Tagaloatele Professor Peggy Fairbairn-Dunlop at AUT is one of four commissioners appointed to oversee Samoa’s national inquiry into family violence..
Aucklanders are significantly more likely than other New Zealanders to be the victims of burglary and vehicle offences and although Auckland’s overall crime rate is decreasing, too many Aucklanders continue to feel unsafe.
Vodafone Pacific Music Award’s most promising artist of 2017 Tommy Nee has written a song for the Lifewise Big Sleepout campaign with all the funds raised from downloads going towards ending youth homelessness.
AUT research students launch New Zealand’s first evidence-based resource for Pacific suicide prevention.
Women’s discontent with gender inequality is on the rise. Today (March 8th) thousands of women will celebrate International Women’s Day (IWD). It will be a bitter sweet celebration. We will welcome women’s increasing advancement in education, health, and the workplace. But we will also lament stalled progress on gender equality in New Zealand at a time when women globally are knitting pink “pussy hats” and have taken protest back to the streets.
A new book from Professor Judy McGregor describes New Zealand as “worryingly self-satisfied about its human rights record” despite some major shortcomings.
AUT Professor Judy McGregor is the winner of this year’s ‘Supreme Award in Governance’ at the Women in Governance Awards, announced at an awards dinner last night [Thursday, 30 June].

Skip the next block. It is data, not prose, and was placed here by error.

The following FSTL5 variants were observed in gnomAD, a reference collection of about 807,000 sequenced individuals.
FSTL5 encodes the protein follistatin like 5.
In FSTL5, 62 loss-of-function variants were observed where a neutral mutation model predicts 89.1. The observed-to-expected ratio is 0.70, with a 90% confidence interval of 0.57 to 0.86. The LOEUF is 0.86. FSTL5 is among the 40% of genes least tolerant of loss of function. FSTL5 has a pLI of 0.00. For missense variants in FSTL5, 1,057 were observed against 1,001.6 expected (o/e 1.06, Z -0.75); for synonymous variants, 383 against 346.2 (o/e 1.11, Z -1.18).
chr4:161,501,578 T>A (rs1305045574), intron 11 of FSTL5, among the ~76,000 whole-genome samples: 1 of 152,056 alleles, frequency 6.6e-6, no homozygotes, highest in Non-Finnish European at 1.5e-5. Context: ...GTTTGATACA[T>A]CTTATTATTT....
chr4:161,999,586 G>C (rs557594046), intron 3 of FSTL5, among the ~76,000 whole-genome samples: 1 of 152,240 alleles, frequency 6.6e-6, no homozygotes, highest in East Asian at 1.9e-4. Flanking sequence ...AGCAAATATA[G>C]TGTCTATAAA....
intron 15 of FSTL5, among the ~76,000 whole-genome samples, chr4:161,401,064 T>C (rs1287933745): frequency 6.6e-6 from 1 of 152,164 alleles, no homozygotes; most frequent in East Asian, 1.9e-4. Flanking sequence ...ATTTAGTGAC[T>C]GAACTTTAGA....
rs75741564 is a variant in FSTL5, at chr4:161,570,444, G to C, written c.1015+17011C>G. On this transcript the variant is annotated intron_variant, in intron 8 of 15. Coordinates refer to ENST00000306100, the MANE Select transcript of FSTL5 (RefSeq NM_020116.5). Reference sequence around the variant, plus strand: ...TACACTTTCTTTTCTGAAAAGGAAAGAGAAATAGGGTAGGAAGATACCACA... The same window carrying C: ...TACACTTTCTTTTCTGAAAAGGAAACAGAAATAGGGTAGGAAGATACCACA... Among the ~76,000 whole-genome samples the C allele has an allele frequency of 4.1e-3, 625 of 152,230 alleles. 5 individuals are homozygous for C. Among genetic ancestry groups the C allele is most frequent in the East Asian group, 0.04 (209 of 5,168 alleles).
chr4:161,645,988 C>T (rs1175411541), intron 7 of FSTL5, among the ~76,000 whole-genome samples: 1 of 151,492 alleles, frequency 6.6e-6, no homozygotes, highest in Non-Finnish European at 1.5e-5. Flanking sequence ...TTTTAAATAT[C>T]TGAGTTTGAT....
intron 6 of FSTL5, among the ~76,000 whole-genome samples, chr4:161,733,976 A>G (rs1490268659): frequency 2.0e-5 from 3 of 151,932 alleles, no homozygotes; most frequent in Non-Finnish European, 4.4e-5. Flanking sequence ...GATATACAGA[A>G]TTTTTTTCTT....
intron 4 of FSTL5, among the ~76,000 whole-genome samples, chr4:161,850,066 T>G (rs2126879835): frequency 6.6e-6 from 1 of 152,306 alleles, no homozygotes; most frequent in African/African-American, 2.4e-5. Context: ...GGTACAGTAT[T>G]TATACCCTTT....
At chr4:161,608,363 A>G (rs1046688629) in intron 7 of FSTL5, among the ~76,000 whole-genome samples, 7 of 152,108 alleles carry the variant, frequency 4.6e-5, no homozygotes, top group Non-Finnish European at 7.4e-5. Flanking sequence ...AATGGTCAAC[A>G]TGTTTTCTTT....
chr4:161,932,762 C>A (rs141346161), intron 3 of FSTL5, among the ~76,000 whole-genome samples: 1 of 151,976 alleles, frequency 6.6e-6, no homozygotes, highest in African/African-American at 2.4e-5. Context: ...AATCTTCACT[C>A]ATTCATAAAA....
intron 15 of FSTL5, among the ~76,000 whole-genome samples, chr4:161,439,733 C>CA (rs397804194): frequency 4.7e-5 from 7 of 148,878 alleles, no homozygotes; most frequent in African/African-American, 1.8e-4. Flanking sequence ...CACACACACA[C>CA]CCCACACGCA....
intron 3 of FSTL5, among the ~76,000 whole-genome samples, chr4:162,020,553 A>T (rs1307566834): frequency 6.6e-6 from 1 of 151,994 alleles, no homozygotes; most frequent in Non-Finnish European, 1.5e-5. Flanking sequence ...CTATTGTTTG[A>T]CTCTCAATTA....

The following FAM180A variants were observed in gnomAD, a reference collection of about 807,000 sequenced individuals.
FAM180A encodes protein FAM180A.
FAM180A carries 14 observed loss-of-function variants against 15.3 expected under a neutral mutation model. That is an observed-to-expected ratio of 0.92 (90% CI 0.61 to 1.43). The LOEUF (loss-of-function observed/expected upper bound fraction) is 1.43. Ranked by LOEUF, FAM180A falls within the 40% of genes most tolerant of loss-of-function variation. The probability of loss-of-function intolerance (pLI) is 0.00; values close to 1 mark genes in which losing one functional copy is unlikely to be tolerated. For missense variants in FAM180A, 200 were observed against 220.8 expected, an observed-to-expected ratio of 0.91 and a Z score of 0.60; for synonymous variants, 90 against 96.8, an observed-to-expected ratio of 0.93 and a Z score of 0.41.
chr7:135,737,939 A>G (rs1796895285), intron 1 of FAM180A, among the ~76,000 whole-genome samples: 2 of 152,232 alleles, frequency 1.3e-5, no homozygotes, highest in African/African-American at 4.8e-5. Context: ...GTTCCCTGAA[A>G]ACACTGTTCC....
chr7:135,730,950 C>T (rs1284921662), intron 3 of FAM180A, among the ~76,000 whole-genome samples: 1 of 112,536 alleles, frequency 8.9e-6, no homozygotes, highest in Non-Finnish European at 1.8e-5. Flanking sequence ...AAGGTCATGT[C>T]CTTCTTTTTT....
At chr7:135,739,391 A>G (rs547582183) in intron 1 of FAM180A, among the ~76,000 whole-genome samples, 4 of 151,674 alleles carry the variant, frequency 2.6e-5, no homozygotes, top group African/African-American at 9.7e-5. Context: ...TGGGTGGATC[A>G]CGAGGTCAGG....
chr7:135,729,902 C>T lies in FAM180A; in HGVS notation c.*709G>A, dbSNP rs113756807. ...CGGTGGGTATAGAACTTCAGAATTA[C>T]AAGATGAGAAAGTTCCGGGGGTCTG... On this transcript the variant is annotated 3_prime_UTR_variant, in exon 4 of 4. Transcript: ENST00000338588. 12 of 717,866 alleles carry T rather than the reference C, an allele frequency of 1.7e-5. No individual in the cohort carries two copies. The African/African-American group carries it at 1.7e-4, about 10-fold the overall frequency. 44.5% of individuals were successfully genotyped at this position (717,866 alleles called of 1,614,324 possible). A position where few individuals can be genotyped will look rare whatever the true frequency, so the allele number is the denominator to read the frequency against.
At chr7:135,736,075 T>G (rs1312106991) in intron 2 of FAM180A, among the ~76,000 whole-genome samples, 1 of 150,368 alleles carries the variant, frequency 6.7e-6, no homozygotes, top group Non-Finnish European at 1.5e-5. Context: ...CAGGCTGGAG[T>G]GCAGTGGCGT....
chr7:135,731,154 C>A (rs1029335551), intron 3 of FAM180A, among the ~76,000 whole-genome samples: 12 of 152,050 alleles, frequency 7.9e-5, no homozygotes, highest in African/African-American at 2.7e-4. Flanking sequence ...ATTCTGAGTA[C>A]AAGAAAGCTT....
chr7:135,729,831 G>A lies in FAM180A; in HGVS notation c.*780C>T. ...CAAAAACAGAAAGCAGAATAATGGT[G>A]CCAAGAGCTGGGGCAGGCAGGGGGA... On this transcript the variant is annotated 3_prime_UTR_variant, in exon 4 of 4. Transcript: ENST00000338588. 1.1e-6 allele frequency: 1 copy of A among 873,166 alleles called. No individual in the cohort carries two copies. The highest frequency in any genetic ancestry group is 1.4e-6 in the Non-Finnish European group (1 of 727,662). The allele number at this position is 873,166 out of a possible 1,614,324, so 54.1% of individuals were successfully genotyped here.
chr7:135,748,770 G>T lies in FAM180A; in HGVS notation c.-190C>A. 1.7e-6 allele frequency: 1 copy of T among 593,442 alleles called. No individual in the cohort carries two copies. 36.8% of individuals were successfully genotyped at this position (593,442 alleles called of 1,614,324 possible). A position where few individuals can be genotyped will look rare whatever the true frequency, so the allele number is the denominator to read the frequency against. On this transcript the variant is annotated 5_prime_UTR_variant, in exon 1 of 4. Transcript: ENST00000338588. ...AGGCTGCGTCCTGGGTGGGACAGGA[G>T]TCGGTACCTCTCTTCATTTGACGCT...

Debunking myths about refugees is AUT senior lecturer Maria Hayward’s goal for World Refugee Day [June 20] this year.
Hayward, who is director of the Centre for Refugee Education [Mangere, Auckland], says there is a huge amount of misinformation about refugees and their lives here in New Zealand.
Transforming south Auckland’s social and economic future is the focus of a symposium hosted by the Auckland University of Technology’s South Campus and Auckland Council’s Southern Initiative this month.
Maria Hayward is a senior lecturer at AUT’s Centre for Refugee Education – part of the Mangere Refugee Resettlement Centre that helps prepare refugees for life in New Zealand.
A prestigious international literary prize has been awarded to AUT Associate Professor Sharyn Graham Davies for her work editing a book which explores sex and sexuality in Indonesia.
Tagaloatele Professor Peggy Fairbairn-Dunlop was appointed a companion of the New Zealand Order of Merit at an investiture ceremony at Government House last week.
Congratulations to the winners of the 2015 Doctoral and Masters Three Minute Thesis (3MT) competitions: PhD candidate Kudakwashe Tuwe and Master of Sport and Exercise student Samuel Paterson.
Professor Judy McGregor, Head of School of Social Sciences and Public Policy at AUT University and former Equal Opportunities Commissioner at the Human Rights Commission, says New Zealand is a country in denial. We have a self-image of ourselves as inherently good and a political narrative that positions New Zealand as a global human rights leader – but it’s a narrative that suffers under scrutiny.
The Australian government is considering social welfare reform but in this opinion piece written for the Australian website The Conversation, AUT social science lecturer Michael Fletcher warns against the adoption of New Zealand’s reform model.
While New Zealand celebrates Samoan Language Week from 24-30 May, we also need to think about how we can best ensure the survival of the language, says Salainaoloa Wilson, a PhD student in the School Social Sciences and Public Policy at Auckland University of Technology.
The use of the generic ‘he’ can be seen across many levels of New Zealand society, and this impacts on what we expect of our young girls and boys, writes Sharyn Davies, Associate Professor in the School of Social Sciences and Public Policy at AUT University.
By Professor Judy McGregor, head of the School of Social Sciences and Public Policy at Auckland University of Technology